Making Easter More Meaningful This Year

By Published on March 31, 2024

What does Easter look like for your family? Does it look like quality time, a big Sunday dinner, hunts for decorated eggs, baskets for the kids filled with treats, and a minute recognition of the non-secular “reason for the Easter season”?

It’s not that these things are bad, per se. Yet, in taking an earnest look at our own hearts and actions, do we tend to place these Easter novelties and traditions as priorities over Jesus and the sacrifice He made for everyone on Earth? Do we spend more time and attention worrying about the meals to prepare, the eggs to fill, and the little gifts to get each of our children than we do sharing His Gospel message and holding its weightiness in the depths of our hearts? 

Remembering Our Rescue

Rather than a celebration featuring bunnies and chocolate while giving a mere nod to the Gospel message on Easter Sunday, what if we redirected our focus to its true importance and impact in our lives?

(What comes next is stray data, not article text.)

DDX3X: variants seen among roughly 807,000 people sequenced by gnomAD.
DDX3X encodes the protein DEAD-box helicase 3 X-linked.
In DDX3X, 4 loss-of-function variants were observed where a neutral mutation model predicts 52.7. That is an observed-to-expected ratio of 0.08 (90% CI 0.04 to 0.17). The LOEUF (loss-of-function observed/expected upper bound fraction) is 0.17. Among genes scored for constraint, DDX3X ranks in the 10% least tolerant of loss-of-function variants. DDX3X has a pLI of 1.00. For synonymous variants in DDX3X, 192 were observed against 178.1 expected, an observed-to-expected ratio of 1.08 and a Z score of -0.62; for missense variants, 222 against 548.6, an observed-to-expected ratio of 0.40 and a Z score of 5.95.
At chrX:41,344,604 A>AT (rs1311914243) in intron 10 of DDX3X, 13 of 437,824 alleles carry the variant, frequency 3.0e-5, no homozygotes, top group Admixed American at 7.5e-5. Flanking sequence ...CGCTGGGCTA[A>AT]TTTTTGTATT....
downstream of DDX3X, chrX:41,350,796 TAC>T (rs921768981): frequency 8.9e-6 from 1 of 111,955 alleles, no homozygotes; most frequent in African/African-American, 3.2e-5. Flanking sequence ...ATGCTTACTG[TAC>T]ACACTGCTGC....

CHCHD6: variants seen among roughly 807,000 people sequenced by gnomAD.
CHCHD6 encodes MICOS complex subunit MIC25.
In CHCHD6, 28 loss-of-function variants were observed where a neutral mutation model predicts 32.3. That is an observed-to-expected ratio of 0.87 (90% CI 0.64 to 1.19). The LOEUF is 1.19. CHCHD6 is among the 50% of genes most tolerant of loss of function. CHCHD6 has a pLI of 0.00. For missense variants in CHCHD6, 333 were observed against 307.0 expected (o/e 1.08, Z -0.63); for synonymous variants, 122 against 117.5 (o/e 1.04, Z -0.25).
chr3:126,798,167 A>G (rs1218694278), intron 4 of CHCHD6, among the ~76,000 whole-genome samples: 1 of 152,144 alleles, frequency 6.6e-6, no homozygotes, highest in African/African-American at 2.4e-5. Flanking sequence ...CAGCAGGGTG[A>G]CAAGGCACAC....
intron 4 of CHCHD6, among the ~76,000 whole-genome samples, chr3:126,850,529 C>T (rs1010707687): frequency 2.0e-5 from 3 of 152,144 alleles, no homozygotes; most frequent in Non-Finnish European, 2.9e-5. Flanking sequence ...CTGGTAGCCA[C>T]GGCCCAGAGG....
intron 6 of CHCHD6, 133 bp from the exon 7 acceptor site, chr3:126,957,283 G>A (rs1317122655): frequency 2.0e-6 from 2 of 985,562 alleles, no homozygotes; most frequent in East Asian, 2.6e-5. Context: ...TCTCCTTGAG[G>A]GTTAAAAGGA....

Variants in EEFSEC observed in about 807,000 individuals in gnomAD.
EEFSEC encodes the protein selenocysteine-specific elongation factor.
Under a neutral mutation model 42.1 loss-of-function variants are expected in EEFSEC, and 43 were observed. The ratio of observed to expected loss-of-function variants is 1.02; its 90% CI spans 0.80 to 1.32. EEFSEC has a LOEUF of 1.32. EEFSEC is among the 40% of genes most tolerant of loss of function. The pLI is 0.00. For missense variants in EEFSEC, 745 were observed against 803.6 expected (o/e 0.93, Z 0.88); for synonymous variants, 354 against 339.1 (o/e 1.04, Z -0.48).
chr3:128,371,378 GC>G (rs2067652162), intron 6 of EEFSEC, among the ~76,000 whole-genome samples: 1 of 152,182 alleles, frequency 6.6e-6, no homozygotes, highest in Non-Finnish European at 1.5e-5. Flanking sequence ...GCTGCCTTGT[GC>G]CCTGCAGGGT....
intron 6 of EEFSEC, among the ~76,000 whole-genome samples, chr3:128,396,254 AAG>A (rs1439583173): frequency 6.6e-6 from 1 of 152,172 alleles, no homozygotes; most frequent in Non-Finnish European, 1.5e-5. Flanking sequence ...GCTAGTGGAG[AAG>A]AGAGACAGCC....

That message is Jesus’s sacrifice and triumph over death for each of us. Jesus loved us so much that He died “while we were still sinners” (Romans 5:8). He picked us up out of the muck and mire and set our feet upon solid ground (Psalm 40:2). Plus, God sent the Holy Spirit to teach us all things and will remind us of everything Jesus said to us (John 14:26). He also sent dear brothers and sisters into our lives to grow us in the faith, showing us authentic truth and love. Those may have been the people who gave us our first Bible, taught us those stories, or were just needed friends.

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Thinking back to when you first received Jesus, can you recall that joy, that passion you maybe once had, desperate to share the Gospel with others; or maybe when your kids accepted Jesus? Remember that indescribable place of gratitude to the Lord for working in their hearts — creating yet another spark in your heart for others to know that same joy of salvation.